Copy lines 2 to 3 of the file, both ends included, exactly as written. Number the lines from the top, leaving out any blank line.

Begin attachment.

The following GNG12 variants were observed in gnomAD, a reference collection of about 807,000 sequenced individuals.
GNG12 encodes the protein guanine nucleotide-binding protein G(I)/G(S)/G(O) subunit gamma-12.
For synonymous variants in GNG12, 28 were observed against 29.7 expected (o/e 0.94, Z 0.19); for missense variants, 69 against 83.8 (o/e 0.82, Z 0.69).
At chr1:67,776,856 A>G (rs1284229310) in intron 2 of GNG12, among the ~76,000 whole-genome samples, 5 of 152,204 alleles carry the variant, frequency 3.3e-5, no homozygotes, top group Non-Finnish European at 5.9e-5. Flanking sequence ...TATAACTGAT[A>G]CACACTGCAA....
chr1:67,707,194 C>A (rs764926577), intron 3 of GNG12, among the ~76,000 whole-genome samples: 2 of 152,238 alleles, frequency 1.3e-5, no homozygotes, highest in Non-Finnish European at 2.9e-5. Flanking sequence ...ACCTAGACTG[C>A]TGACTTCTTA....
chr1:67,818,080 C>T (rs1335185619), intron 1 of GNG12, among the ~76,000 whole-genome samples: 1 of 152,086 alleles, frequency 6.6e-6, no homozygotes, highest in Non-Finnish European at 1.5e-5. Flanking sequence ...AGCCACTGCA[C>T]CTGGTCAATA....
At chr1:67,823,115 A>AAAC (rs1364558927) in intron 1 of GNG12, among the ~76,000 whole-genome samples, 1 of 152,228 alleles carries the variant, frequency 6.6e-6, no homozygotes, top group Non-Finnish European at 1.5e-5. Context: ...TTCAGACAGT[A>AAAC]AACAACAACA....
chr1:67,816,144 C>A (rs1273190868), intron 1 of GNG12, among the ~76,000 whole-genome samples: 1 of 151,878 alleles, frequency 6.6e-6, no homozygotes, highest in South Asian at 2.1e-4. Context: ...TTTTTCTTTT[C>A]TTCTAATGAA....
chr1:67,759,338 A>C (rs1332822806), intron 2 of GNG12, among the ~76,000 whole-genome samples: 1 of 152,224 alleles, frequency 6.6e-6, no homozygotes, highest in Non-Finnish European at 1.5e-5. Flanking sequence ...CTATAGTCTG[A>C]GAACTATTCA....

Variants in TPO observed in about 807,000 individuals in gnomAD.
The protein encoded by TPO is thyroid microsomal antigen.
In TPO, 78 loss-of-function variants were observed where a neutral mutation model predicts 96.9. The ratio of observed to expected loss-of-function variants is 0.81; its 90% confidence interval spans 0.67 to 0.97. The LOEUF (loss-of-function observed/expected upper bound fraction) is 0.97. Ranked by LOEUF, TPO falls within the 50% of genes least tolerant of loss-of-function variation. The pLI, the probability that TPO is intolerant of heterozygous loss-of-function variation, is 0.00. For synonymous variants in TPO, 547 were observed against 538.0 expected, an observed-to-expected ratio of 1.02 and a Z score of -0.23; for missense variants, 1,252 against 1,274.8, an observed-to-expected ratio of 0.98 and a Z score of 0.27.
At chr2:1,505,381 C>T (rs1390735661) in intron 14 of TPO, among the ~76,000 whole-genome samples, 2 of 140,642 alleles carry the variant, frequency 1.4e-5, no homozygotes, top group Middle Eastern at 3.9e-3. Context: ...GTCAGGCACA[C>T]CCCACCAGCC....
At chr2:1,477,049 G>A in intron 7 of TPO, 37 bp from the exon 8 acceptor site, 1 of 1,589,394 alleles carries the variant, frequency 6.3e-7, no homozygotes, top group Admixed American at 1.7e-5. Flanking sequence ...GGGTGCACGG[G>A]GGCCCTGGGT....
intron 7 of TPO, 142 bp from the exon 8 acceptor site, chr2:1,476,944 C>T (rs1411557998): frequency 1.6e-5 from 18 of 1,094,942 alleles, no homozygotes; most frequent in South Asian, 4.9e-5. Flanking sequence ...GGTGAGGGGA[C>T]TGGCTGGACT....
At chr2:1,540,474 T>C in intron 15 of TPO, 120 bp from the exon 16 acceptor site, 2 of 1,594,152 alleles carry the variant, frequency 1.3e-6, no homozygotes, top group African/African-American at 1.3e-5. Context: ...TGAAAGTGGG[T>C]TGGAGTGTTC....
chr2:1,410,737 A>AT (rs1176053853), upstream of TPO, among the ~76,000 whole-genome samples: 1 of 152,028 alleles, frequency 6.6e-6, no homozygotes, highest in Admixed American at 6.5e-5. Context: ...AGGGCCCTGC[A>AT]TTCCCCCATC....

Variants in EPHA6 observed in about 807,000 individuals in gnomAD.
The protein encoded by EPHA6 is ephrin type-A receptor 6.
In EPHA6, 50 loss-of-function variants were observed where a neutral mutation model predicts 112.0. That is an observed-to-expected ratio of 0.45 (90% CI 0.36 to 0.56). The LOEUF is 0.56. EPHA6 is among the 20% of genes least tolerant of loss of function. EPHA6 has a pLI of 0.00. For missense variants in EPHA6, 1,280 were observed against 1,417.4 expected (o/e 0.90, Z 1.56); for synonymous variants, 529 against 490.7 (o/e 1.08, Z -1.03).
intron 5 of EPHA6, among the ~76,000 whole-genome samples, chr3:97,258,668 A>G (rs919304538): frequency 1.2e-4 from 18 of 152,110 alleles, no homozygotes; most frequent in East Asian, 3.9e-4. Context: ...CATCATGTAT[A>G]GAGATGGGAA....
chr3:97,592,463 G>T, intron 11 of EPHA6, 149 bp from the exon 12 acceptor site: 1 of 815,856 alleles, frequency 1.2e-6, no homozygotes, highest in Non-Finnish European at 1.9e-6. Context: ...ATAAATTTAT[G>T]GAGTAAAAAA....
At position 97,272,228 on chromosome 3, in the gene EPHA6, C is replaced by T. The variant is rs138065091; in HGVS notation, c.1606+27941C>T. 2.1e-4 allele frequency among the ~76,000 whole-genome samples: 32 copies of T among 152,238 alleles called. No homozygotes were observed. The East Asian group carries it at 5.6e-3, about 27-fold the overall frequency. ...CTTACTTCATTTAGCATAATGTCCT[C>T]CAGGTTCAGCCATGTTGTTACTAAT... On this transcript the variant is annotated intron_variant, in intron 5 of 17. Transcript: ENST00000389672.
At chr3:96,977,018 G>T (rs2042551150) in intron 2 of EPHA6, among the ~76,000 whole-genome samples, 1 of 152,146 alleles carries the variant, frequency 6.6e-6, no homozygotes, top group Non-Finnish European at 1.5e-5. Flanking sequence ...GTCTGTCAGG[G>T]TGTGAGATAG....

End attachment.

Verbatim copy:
GNG12 encodes the protein guanine nucleotide-binding protein G(I)/G(S)/G(O) subunit gamma-12.
For synonymous variants in GNG12, 28 were observed against 29.7 expected (o/e 0.94, Z 0.19); for missense variants, 69 against 83.8 (o/e 0.82, Z 0.69).